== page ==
This is THE teen movie of the 80s and it stands firmly in the #1 slot at Like Totally 80s. It stands out in part because it was not done by John Hughes and therefore has a completely different feel and a refreshingly different cast from the other brat pack movies of the time. In fact, Valley Girl is the first starring role for Nicolas Cage (Randy) (reason enough to watch and enjoy this movie). His co-star, Deborah Foreman, plays Julie Richman, a girl from the valley that falls for a punk guy from Hollywood (Randy). Their friends don’t understand (hers mostly) and she struggles to fit in while still seeing Randy. This aspect of the plot has a Romeo & Juliet feel, only valley-style fur sure.
Julie and Randy’s eyes meet for the first time on the beach where clothes and styles are not present to define who they are, where they are from, or what group they belong to. They see each other and connect. They then run into each other later that night at a Val party that Randy and his friend Fred decide the crash. Randy and Fred get kicked out of the party mostly due to jealousy from Julie’s ex-boyfriend (Tommy, played by Michael Bowen) that she dumped earlier that day at the mall. “Like, I’m so not in love with you anymore, Tommy. It’s so boring.” (said while handing him back his ID bracelet – how 80s). Randy won’t be told “who he can score with” and goes back to the party, sneaking in an upstairs bathroom window and waiting in the shower until Julie finally comes in to use the bathroom. He convinces her to leave the party with him and thus begins their first date – a trip into “Holly-weird” complete with live music by the Plimsouls.
They fall for each other and their relationship develops largely during a movie montage set to the very awesome Modern English song, “I Melt With You.” However, the pressure from her friends finally becomes too much and she dumps Randy to go back with Tommy. The rest of the movie consists of Randy trying to win her back and culminates (80s teen movie style) in his getting the girl and the better of Tommy at the prom.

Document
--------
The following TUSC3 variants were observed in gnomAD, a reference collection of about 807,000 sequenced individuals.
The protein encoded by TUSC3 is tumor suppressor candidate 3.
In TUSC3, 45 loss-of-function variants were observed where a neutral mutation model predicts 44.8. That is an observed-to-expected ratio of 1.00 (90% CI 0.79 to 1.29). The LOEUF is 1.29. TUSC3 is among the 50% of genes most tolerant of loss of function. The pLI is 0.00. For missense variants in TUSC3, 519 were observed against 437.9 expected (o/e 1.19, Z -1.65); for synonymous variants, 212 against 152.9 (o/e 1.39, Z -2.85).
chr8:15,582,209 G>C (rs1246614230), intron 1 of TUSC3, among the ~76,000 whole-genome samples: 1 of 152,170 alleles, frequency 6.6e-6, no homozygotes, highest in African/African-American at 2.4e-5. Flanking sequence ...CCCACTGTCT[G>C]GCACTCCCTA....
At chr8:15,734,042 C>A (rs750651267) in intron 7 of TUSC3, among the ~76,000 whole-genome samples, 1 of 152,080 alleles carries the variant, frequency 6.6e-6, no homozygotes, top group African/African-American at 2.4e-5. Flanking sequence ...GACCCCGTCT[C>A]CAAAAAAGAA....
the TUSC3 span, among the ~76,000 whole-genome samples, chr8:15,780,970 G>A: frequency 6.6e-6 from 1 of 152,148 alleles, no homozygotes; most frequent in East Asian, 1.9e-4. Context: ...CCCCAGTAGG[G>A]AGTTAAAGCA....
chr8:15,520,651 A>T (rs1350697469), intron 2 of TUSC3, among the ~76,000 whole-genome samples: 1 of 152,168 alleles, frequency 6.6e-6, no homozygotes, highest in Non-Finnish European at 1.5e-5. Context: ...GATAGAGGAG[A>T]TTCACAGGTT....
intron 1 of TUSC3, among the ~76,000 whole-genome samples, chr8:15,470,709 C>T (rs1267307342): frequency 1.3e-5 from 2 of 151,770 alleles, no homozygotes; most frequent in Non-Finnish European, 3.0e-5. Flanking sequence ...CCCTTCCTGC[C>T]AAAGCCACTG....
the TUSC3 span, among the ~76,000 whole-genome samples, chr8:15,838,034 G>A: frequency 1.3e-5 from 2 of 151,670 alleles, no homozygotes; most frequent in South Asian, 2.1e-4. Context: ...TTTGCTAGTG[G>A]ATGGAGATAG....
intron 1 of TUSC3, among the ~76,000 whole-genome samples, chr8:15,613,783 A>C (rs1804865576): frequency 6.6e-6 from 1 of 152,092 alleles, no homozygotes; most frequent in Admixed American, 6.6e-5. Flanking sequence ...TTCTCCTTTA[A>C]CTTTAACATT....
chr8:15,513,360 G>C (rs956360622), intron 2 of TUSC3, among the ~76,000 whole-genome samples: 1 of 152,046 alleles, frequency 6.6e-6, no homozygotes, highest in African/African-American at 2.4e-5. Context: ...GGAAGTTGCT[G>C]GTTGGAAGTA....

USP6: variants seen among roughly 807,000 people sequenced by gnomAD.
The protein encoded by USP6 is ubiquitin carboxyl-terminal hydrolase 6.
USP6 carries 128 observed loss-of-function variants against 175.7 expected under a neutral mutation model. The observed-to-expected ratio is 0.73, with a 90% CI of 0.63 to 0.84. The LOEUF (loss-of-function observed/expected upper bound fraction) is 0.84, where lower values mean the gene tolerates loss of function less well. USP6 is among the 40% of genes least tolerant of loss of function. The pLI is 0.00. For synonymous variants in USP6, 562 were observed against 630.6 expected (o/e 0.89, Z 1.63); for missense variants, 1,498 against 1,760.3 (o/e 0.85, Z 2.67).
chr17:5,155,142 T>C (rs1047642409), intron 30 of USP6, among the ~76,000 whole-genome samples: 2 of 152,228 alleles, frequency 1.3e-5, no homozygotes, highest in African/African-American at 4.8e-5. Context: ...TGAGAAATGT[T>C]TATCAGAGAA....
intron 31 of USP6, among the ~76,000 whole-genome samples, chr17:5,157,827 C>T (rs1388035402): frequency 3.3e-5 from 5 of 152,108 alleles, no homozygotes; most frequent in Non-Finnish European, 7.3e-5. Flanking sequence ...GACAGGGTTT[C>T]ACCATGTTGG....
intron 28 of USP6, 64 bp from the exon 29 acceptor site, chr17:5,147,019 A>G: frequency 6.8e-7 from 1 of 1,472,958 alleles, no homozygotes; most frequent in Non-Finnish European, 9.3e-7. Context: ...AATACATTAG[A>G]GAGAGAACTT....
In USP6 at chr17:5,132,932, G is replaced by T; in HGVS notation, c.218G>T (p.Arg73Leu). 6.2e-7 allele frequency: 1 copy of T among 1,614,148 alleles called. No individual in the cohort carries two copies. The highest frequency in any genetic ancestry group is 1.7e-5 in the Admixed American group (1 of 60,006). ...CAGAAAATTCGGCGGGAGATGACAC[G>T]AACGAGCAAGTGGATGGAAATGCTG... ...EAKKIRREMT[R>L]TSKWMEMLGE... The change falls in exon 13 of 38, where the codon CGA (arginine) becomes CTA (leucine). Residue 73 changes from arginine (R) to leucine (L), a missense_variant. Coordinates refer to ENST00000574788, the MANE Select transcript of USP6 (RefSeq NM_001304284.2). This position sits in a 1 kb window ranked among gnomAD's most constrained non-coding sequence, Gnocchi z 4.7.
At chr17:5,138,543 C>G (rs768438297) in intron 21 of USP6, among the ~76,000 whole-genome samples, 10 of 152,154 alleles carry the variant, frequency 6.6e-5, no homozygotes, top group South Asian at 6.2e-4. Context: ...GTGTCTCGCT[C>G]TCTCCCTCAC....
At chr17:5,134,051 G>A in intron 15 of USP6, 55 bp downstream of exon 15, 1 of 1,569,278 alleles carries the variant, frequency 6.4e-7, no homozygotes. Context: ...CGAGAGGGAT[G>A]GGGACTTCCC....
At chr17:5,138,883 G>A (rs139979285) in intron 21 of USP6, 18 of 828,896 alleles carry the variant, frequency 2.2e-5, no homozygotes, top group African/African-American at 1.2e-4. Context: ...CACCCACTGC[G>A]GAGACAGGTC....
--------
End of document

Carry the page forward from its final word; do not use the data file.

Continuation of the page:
The dialogue, accents, clothes and music in this film are dead on. Toss in the really sweet story and interesting sub-plots (the competition between Suzie and her mom for hunky Skip) and you have all the makings of a classic. The language is a time capsule for the valley girl language and speech patterns: “He’s, like, soooo bitchin’,” and “like, he’s got the bod, but his brains are bad news.” The opening scene has the four girls shopping at the Sherman Oaks Galleria – this is a great way to see the fashion trends in 1983: piano keys tops, saddle oxfords shoes, patent leather pumps, colored and layered bracelets.
And, the music. Valley Girl has a great (or should we say bitchin’) soundtrack. Although, the soundtrack was not created originally with the movie; it was released much later than the movie in response to demand. Below is a sampling of the songs in the movie. This mix is available as the unofficial soundtrack done by Rhino records. One obvious omission from this list is Eddy Grant’s Electric Avenue (played during the party at Suzie’s house where Randy and Julie first meet).
- A Million Miles Away – The Plimsouls
- Johnny, Are You Queer? – Josie Cotton
- Eyes Of A Stranger – Payolas
- Angst In My Pants – Sparks
- Who Can It Be Now? – Men At Work
- Everywhere At Once – The Plimsouls
- I La La La Love You – Pat Travers’ Black Pearl
- He Could Be The One – Josie Cotton
- Love My Way – Psychedelic Furs
- Jukebox (Don’t Put Another Dime) – The Flirts
- The Fanatic – Felony
- She Talks In Stereo – Gary Myrick & The Figures
- Oldest Story In The World – The Plimsouls
- School Is In – Josie Cotton
- I Melt With You – Modern English
Also be sure to check out the “Valley Girl” song by Frank Zappa